Automotive racing can be a perplexing sport, as the competitive aspects of it do not appear to test human faculties compared to most other professional-tier sports. However, its tremendous popularity certainly verify that it is an international phenomenon in sport-related entertainment. The facets of auto-racing that make it unique revolve around how it pits competitors against each other. In a simplistic sense, auto-racing is surprisingly akin to chess; both activities center on the performance of the individual, and that performance is measured against another’s will and patience. It also requires focus, mental stamina, and strategy above sheer physical endurance. The “mechanical” aspect of auto-racing is left to the vehicle itself. Interestingly enough, a prominent side effect of dividing up the psychological and the physical aspects of racing between man and machine is the impact it has on the rules of the sport. After all, if all of the “heavy-lifting” that accompanies a sport is to be handled by a machine, careful restrictions and regulations must be implemented to prevent significant advantages from being unfairly achieved and exploited, particularly in a professional environment. Thus, when it comes to stock car racing, it is not unexpected that the most critical rules often revolve around the vehicle, not the driver.
Fuel Tank Regulations
All stock cars are required to operate with a 22-gallon gasoline cell. Apart from the obvious reason of preventing any unfair advantage in size, this standard is strictly enforced to ensure strategic driving will contribute to a solid win. In day-to-day driving, optimum gas mileage is a nice thing, but most people don’t place much importance on it. When it comes to auto-racing, on the other hand, precise calculations on the weight and usage of gasoline are critical and often necessary for success. After all, fuel acts as more weight on a car chassis until it’s actually burned for energy, and the emptier a vehicle’s tank, the less power it requires for acceleration. The constant fluctuation between weight and thrust can be tricky to manage at breakneck speeds!
Engine Power and Attributes
Any engine used in NASCAR racing are equipped with (and required to boast) 8 cylinders and pose a considerably resilient frame; this is to ensure that it can respond to the strenuous demands not commonly found on civilian roadways. In recent years, the parameters of an acceptable racing engine have been seeing more restrictions. For example, the upper limit of engine capability, according to the official 2015 NASCAR news release, can no longer exceed 725 horsepower. Those in favor of this change hope that a reduction in engine power outputs will leave more up to the skills of those in the driver’s seat, and argue that as a professional sport, even racing should strive to put as much variability in the hands of the person competing.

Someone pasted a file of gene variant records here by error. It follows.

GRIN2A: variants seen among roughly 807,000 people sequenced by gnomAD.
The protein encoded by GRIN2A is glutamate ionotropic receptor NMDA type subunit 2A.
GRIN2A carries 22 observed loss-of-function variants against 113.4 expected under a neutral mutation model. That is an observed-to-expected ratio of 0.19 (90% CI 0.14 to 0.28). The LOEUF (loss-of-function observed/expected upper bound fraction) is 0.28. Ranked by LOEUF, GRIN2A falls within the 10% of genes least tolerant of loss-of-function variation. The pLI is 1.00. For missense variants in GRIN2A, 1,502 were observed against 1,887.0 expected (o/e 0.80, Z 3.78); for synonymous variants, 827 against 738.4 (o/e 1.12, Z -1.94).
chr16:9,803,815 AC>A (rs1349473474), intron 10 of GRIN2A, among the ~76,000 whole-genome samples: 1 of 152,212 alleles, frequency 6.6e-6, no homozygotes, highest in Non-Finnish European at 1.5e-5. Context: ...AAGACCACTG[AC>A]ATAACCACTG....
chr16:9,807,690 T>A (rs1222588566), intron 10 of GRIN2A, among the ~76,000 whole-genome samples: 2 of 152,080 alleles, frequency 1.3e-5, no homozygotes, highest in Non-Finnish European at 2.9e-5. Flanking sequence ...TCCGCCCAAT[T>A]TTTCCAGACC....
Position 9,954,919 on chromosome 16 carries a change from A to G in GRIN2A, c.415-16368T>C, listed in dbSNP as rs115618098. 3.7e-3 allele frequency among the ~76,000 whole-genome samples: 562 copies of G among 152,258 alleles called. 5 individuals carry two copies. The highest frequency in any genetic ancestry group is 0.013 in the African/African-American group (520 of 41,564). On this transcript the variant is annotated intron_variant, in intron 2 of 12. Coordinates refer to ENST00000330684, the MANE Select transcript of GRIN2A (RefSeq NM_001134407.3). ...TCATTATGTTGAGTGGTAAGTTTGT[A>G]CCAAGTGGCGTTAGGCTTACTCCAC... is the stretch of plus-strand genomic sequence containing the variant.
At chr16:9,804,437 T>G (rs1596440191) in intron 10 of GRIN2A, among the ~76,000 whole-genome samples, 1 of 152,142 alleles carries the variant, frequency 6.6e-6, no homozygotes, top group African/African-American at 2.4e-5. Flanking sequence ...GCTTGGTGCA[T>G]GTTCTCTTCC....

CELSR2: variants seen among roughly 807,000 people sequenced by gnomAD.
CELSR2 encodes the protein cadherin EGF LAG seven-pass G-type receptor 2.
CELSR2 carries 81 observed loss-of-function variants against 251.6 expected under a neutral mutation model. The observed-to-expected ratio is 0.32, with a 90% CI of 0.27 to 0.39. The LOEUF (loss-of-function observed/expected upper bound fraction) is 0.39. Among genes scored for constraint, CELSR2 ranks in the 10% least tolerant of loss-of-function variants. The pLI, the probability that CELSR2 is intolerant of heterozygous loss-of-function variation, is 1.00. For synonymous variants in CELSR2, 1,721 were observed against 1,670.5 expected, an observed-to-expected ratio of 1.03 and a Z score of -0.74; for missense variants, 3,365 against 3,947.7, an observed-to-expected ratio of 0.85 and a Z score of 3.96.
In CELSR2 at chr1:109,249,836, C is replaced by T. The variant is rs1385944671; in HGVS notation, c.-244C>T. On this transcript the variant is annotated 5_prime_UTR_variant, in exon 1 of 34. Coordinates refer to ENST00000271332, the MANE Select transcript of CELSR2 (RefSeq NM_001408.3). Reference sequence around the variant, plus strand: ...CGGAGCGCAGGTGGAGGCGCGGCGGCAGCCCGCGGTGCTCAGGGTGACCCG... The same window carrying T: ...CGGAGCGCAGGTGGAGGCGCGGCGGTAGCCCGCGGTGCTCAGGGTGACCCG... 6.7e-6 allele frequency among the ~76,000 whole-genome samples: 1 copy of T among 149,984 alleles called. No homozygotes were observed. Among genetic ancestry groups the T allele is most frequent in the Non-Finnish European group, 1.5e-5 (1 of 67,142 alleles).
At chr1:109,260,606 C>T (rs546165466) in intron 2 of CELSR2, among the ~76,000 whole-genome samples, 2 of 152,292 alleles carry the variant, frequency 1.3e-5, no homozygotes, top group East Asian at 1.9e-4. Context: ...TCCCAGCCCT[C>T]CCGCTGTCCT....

The Safety Harness and “Roll Cage”
While the exterior of most NASCAR racing vehicles is adorned with the logos of sponsors, flashy accessories, and the racer’s signature number, the cockpit is a bit more neglected. Racing vehicles are not built to carry extra passengers and generally forgo the comforts and luxuries reserved for regular vehicles. However, one component of every NASCAR racer that is not found in any general-public models is a heavy-duty safety harness, which substitutes air bags and conventional seatbelts. The harness is designed to cradle the driver and, for obvious reasons, does not provide much wiggle-room. In addition to this fortified pilot seat, surrounding the main cabin of every racer is a “roll cage” – a skeletal frame, usually made of steel piping, which acts as a driver’s first line of defense in the event of a crash. The fast-paced, frantic nature of auto racing goes without saying, but all vehicles are designed as much for safety as they are for success.
Aside from the fuel tank, engine, and the framework of the car’s chassis, pretty much every other piece of automotive hardware in a racing vehicle is designed for two basic purposes: maximum drivability and minimum drawbacks. The shape and design elements of a NASCAR racing machine are designed to channel downforce – a specific type of kinetic force that effectively weighs the car into the ground without actually making it heavier. Downforce is a critical part of what keeps the aerodynamic powerhouses from flying out of control on the track. When harnessed stably, downforce can improve the handling of vehicles at higher speeds.